In the case of bacteria and yeast overgrowth in the GI tract, it is not only important to put the right things in, but cleansing the bad bacteria out. This is the fundamental purpose of Yeast Control. Yeast Control by Celarity aids in establishing a healthy microbial balance in the GI tract all while clearing out candida through the use of key nutrients like OriganoxTM WS, turmeric extract, and ginger. OriganoxTM WS is a patented antioxidant that protects against nutritional deterioration. This powerful gut healing formula is a key component in any regimen looking to balance and restore gut microflora.
WHAT IS YEAST CONTROL?
Yeast Control offers a complementary blend of herbs, essential oils, and sodium caprylate, a naturally occurring fatty acid. It is made to support the body’s immune system as well as a healthy gastrointestinal (GI) flora. This comprehensive formula is designed to not only address the gastrointestinal distress in the way of pathogen imbalance, but also in the way of immune dysfunction and inflammatory gastrointestinal conditions. This is important as they collectively have an impact on your overall health when gastrointestinal conditions arise. This multifaceted approach to researched based nutrition is key for good results.
COMMON SYMPTOMS OF BACTERIAL AND YEAST OVERGROWTH
INGREDIENTS THAT WORK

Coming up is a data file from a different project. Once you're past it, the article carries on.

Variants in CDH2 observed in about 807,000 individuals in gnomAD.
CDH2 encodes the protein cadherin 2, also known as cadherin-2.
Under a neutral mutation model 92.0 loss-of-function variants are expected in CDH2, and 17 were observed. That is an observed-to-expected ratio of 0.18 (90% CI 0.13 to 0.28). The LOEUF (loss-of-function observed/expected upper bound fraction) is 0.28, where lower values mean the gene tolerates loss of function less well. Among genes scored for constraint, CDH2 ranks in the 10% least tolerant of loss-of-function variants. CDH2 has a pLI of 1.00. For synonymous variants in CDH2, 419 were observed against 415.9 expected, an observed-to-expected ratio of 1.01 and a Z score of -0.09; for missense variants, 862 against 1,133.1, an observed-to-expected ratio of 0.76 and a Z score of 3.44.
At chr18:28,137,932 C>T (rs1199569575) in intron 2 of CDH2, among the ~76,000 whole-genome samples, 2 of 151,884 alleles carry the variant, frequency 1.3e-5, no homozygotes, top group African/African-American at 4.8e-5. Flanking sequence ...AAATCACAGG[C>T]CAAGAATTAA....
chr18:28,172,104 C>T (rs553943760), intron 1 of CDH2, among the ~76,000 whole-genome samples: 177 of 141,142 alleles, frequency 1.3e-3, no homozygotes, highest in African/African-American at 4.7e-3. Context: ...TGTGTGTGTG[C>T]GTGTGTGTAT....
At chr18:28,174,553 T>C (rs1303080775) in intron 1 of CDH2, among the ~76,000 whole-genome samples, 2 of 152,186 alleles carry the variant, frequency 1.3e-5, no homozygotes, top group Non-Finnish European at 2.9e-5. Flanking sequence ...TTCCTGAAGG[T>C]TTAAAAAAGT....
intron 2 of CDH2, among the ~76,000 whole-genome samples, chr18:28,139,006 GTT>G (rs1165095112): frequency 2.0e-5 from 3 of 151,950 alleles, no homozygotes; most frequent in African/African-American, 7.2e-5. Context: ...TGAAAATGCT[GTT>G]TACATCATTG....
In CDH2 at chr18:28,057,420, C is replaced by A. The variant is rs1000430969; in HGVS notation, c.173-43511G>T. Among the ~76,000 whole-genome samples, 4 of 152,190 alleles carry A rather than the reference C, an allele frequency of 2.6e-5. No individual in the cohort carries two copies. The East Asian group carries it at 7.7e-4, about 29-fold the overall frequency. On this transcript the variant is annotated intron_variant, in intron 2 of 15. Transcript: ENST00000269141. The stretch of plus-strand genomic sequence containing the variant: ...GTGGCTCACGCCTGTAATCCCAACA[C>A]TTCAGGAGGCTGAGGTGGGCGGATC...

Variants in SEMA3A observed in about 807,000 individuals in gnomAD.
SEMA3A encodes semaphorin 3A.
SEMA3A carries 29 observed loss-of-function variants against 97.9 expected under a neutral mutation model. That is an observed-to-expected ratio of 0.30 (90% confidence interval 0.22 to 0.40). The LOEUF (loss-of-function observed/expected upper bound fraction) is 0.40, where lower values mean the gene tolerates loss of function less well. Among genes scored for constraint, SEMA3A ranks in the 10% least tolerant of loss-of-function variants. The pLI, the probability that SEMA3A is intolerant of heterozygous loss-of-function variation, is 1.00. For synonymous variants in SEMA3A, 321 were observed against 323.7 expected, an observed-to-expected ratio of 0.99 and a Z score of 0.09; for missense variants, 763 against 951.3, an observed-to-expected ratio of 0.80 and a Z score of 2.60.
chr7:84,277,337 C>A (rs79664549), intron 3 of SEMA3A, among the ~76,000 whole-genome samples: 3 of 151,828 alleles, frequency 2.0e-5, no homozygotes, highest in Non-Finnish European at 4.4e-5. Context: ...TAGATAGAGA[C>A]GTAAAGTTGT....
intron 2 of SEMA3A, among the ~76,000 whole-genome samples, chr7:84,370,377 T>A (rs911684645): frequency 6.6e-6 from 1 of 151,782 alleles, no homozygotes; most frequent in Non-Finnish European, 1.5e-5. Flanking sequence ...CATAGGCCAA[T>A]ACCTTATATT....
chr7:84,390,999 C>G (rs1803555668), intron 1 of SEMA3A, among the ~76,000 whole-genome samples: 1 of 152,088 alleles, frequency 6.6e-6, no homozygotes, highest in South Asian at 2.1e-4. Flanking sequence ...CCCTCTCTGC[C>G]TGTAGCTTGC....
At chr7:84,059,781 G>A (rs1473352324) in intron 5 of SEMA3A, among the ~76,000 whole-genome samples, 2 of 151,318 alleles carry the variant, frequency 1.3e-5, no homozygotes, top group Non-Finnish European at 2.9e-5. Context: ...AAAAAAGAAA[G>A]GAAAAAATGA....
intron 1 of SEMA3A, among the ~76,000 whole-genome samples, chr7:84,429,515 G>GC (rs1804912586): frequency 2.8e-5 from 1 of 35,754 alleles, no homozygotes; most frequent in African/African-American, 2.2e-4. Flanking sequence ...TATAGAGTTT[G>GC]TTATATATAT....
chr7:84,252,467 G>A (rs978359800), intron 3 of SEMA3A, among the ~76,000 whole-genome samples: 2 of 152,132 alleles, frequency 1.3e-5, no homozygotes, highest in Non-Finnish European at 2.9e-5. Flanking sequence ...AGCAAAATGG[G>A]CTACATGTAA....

Many plants have been used throughout history for their ability to influence microbial activity and support healthy immune function. The complementary blend of ingredients is formulated to support antioxidant activity, microbial balance, and gastrointestinal function. All are provided in easy-dissolving vegetarian capsules.
The water-soluble form of Origanox (Origanox WS) is made from the edible herb Origanum vulgare (oregano). Origanum vulgate is a natural antibiotic, anti-oxidant, and treats yeast infections. It also kills gut parasites and protects against leaky gut. Additionally it reduces inflammation and pain. There is some evidence that it could also fight cancer and help you lose weight as well.
Sodium Caprylate is a fatty acid with a long history of fighting fungal infections. Research indicates that it helps to support healthy microbial balance in the intestines without harming beneficial GI flora. Studies also suggest that it may promote cellular growth, further supporting gastrointestinal health.
Ginger (Zingiber officinale) plays an important role in Yeast Control. It relieves gastrointestinal irritation and helps to produce saliva and bile. It also helps to support gastrointestinal, immune, and antioxidant systems.[7-9] Ginger has been used for centuries to aid in normal gastric function and activity.
Turmeric (Curcuma longa) is known to support normal muscular activities and digestion. This ancient herb is rich in curcumin, which has been researched considerably for its protective effects. [10,11] The addition of turmeric to Yeast Control provides additional support for GI function and balance. Curcumin is a powerful anti- inflammatory and anti-fungal product that stops the growth of bacteria and yeast. The research shows that it kills candida and reduces its rate of growth.
OLIVE LEAF EXTRACT